2. They’re checking you out online. It’s 2018. If you’re a pastor of a church that doesn’t have a website, stop reading this post and go get one. Nothing makes a guest think that you’re out of touch and out of date like not having a website. The only thing worse may be having a website that confirms that you’re out of touch and out of date. It’s just too easy of a fix. You can’t let this happen. If you have no idea where to start, spend a few hundred dollars and get someone to create it for you. It’s well worth the money. One last thing, having a Facebook page is great, but it shouldn’t take the place of your website. You’re leasing space on Facebook. They can change the terms anytime they want, and they do. Get a website that you own.
  3. Most of them have preconceived notions from past church experiences. This may be different in other parts of the country and world, but in the southeast it’s hard to find someone who doesn’t have at least some kind of church experience. Even if they didn’t personally experience it, they’ve heard stories. These bad experiences are normally what keep them from giving church another chance. So, when they do take the step to try church again, you need to be careful that you don’t confirm what they already believe. That’s why you have to be really careful about who you let greet people. They run into one rude person on their way to the auditorium, and you’ve more than likely lost them.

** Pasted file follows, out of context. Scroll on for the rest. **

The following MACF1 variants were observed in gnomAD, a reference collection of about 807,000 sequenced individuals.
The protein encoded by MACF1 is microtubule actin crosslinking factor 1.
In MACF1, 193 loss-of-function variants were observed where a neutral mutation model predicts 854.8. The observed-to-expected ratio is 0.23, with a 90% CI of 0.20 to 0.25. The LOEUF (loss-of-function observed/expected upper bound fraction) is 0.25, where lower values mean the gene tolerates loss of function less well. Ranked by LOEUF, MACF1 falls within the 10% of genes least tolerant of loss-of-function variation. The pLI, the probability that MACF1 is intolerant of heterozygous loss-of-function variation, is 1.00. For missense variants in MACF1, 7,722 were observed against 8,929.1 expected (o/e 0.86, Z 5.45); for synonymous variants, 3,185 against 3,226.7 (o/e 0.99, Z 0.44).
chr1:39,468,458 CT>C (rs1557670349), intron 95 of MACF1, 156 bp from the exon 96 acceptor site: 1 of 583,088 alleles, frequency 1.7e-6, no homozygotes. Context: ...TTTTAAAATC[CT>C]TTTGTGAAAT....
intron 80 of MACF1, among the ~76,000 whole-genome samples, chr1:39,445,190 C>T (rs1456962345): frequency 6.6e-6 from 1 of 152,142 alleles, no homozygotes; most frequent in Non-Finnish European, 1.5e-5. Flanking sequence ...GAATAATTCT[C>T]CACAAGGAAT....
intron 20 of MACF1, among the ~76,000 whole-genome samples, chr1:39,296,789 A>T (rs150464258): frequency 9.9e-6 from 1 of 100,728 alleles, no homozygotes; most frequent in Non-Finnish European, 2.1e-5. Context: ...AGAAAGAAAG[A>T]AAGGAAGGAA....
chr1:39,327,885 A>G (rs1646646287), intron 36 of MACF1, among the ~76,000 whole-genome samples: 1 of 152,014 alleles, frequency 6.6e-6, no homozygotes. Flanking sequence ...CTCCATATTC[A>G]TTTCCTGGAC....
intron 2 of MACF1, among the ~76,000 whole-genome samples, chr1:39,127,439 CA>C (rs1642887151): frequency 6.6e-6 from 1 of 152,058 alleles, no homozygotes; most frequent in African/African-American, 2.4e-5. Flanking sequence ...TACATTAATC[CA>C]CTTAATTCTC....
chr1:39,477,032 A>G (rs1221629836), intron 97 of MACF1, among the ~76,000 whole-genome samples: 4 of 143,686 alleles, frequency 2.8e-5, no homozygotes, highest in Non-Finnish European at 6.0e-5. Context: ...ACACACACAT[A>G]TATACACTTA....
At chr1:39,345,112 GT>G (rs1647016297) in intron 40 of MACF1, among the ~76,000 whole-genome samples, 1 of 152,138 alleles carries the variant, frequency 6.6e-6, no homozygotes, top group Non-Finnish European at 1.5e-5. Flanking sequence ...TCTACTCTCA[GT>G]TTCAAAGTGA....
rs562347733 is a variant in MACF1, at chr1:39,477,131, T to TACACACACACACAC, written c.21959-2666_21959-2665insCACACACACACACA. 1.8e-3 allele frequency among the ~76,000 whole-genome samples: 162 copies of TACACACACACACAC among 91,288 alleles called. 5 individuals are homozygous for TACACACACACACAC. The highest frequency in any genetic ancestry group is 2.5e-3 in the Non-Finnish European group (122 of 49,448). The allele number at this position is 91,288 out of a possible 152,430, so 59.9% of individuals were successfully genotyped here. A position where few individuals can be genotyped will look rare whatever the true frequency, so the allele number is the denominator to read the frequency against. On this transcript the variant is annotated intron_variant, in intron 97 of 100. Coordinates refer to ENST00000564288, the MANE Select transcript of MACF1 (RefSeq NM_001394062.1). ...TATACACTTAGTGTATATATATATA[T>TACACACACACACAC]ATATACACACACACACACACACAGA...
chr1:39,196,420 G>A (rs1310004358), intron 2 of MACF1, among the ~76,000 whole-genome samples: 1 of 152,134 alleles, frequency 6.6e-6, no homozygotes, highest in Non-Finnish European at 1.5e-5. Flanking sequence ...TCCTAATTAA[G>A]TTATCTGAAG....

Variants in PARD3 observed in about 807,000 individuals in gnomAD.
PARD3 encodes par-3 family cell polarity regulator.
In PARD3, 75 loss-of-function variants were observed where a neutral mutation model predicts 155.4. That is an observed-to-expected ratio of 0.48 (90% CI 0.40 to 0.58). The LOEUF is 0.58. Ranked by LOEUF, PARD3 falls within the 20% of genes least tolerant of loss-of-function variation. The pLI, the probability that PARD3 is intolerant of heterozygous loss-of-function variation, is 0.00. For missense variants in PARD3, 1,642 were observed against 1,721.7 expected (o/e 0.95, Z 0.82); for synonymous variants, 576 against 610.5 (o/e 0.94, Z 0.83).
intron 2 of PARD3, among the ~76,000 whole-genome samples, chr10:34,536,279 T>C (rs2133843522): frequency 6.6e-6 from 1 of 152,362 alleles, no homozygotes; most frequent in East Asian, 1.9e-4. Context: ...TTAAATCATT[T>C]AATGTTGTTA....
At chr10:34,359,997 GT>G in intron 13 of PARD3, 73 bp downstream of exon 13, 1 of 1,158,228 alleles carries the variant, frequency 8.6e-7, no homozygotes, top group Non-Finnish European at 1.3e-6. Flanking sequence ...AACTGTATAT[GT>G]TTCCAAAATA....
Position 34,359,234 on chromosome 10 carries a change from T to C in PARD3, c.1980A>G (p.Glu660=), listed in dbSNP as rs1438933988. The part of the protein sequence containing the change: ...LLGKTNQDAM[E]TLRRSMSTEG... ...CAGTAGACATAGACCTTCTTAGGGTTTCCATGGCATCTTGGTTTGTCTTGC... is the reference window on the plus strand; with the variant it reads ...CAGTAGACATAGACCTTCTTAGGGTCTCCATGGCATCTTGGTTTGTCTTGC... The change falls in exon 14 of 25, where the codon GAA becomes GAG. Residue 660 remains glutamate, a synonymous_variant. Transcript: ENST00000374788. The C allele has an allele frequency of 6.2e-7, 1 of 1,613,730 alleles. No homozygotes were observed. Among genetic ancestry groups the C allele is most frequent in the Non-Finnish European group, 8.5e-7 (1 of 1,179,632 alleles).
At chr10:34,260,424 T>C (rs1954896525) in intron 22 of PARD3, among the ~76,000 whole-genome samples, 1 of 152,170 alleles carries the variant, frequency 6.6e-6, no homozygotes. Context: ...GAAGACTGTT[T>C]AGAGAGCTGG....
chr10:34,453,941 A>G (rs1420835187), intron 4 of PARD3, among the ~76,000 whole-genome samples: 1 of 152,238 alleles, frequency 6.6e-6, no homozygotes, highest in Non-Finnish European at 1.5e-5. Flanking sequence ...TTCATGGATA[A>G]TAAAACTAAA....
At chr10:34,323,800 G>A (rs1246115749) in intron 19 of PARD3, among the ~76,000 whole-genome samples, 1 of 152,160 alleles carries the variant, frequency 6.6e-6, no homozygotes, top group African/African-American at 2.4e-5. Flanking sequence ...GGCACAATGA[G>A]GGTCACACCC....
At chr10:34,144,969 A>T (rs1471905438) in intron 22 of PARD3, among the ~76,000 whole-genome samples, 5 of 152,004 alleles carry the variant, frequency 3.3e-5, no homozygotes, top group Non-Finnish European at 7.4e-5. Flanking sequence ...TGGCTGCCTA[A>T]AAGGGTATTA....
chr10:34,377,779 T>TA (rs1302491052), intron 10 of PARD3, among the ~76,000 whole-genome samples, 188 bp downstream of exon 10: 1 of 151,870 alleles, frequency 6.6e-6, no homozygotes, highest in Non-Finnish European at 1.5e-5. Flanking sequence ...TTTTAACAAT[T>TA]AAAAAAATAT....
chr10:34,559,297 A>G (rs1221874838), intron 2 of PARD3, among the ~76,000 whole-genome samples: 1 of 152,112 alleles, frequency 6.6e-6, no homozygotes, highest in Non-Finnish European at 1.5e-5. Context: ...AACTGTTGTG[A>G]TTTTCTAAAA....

4. It doesn’t take long for them to decide if they’ll be back. I’ve heard different stats on this, but most of them fall somewhere between 3-12 minutes. That’s how long it takes a person to decide if they’ll ever be back to your church once they pull into your drive. At my church I want to create a “Wow” experience that brings guests back. You can find out how to do that here.